Ten years ago, at the age of 24, I had a spontaneous spiritual awakening while meditating at our family cabin in Colorado.
My awakening blew me open in ways I never knew were possible. My ideas of God, spirituality, our purpose here and just about everything else got flipped upside down.
Previous to that, I had certain ideas about what it meant to be “spiritual,” which largely involved compassion, being perfect, and wearing a lot of purple. Ten years after that experience on a mountain in Durango, I can see how my ideas of what it meant to awaken were a bit misguided.
Here are just a few of the myths about spirituality that I wish someone had told me so I could have spared myself a lot of self-judgment in the process.
Myth #1: As you awaken, life will get easier.
The truth is, as you evolve spiritually, life doesn’t become all rainbows and sunshine. I had thought that as I awakened, there would be more love, grace, and abundance than ever before. And in a way there is. I experience insane and intense moments of connection, beauty, and loving.
However, I’ve learned that no matter how spiritual or connected you are, life will still keep throwing challenges your way. In fact, as we deepen in our spirituality, often times we experience more chaos and upheaval than ever before as we are clearing karma faster and faster. We are here to wake up, not always be 100 percent happy.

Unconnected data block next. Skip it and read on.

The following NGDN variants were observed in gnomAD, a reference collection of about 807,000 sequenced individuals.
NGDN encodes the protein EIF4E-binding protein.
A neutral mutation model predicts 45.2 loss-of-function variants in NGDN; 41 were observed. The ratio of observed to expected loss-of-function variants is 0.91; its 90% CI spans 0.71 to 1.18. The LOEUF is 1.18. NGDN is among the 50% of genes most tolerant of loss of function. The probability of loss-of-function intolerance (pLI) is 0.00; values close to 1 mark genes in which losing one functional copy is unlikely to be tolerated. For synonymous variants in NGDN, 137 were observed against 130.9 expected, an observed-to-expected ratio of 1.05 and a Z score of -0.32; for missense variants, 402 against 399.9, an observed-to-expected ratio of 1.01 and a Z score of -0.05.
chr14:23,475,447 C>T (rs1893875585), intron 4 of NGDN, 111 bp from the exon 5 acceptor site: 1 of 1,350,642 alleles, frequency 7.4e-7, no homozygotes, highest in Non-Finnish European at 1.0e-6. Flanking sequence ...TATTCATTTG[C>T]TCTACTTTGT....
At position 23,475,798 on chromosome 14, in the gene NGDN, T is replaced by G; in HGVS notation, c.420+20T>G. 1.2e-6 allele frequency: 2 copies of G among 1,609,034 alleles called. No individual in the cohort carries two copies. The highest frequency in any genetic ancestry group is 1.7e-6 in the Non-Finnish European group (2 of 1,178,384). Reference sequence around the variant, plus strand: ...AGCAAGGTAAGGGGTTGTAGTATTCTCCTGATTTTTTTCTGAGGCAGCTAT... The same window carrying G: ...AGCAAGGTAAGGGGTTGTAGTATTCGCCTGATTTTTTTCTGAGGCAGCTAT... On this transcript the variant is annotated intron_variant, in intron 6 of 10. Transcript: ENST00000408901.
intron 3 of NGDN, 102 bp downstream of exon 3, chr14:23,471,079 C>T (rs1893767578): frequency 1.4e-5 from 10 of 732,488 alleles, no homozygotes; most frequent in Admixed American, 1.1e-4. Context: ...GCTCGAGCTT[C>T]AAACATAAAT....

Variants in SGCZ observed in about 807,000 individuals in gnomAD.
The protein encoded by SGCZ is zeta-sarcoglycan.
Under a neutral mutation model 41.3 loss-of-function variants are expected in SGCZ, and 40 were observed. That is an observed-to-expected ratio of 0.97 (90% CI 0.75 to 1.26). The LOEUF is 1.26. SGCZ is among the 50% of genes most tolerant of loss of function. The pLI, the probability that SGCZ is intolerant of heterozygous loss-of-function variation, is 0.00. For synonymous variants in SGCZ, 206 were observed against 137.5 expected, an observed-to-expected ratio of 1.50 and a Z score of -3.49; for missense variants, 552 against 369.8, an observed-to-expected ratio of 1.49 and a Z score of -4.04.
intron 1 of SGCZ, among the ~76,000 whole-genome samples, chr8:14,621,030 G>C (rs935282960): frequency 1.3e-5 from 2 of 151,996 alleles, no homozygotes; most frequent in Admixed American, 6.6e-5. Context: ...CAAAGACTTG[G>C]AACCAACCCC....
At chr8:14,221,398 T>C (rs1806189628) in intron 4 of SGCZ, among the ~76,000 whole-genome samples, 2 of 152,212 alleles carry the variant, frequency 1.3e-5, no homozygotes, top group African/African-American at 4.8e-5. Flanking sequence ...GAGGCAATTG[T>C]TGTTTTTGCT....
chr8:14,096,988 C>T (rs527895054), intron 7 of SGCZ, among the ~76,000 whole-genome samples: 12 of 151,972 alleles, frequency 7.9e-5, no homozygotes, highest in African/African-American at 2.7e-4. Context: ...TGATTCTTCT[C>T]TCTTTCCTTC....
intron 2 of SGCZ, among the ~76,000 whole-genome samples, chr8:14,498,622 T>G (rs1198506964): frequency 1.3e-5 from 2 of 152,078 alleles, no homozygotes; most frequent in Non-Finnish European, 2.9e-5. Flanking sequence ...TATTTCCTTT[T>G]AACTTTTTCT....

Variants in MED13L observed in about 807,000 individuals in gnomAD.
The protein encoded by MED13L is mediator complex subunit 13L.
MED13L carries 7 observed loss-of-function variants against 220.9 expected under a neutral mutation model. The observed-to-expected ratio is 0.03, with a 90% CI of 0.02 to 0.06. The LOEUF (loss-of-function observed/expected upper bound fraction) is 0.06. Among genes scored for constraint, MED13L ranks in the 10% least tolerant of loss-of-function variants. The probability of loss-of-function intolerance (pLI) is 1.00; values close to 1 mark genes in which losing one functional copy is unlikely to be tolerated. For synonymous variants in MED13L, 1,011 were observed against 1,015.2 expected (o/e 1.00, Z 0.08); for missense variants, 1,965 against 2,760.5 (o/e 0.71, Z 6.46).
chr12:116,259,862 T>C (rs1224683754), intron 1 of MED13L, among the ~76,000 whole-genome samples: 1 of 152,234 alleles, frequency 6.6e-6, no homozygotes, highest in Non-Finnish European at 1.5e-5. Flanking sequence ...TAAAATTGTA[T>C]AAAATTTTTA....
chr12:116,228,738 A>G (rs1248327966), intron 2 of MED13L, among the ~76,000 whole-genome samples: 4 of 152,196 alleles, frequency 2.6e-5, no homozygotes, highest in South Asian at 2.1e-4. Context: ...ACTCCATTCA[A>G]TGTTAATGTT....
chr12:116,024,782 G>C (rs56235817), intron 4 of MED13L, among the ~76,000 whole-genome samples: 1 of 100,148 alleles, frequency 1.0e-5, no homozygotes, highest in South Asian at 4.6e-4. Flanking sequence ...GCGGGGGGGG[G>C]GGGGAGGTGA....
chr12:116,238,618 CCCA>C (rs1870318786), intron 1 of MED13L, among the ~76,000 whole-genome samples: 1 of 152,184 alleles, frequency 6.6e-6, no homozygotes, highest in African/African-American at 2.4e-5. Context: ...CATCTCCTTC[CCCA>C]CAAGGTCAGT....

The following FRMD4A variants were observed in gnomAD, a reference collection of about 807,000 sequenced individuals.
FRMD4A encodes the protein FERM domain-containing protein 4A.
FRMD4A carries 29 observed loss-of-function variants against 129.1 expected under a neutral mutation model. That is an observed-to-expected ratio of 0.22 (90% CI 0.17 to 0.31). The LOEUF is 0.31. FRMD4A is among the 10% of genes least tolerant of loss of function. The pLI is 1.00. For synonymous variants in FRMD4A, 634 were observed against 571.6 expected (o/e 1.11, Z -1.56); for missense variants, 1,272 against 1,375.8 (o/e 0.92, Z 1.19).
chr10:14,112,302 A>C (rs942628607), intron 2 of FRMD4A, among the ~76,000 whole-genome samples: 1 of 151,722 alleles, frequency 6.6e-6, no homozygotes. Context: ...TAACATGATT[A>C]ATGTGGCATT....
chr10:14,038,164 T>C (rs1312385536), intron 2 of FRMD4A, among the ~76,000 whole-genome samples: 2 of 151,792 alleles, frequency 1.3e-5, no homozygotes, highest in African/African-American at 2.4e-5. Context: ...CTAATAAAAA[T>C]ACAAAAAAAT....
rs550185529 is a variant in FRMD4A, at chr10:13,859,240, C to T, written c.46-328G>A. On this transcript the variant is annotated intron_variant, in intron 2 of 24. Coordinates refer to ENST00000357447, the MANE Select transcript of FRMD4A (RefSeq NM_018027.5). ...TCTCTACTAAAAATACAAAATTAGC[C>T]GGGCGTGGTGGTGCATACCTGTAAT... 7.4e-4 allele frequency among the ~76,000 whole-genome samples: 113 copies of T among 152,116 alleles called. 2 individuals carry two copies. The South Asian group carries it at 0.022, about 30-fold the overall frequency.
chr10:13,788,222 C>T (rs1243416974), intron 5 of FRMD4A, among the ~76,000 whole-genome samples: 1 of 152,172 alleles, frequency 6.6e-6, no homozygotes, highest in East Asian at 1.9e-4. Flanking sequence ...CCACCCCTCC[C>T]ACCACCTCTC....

Myth #2: A truly spiritual being is okay with whatever happens to them because they are so neutral and clear.
Part of the spiritual path is about gaining neutrality and developing a witness consciousness. However, there are still times when I get angry, or sad, or feel disgusted. And these times are appropriate.
If you’ve ever read the Bible, you’ll see that even Jesus had moments of intense rage. The spiritual path doesn’t mean losing your emotional reactivity, it means becoming more conscious of where your reactions are coming from, so you learn when it is appropriate to express them. And there are times when it is appropriate to be angry, full of rage, or heartbroken. There are times when what we consider “reacting” is actually Spirit moving through us, helping us to break open into greater understanding.
Myth #3: To be spiritual is to be all-giving, self-sacrificing, and to put the world’s needs above your own.
This is one I believed for a long time and many good-hearted healers, therapists, and teachers seem to share this same belief. The old spirituality was about sacrificing ourselves for other people or for a higher cause. But we are in a new era now. In this new era of consciousness, we are here to love ourselves first and foremost. This involves putting ourselves first in our own lives, before we extend ourselves to save the world around us.
Doing so will set an example for other people who are sacrificing themselves in bad relationships or crappy jobs. Your permission to liberate and love yourself will give them permission to do the same.
Myth #4: Spiritual masters are always compassionate, always loving, and always “perfect.”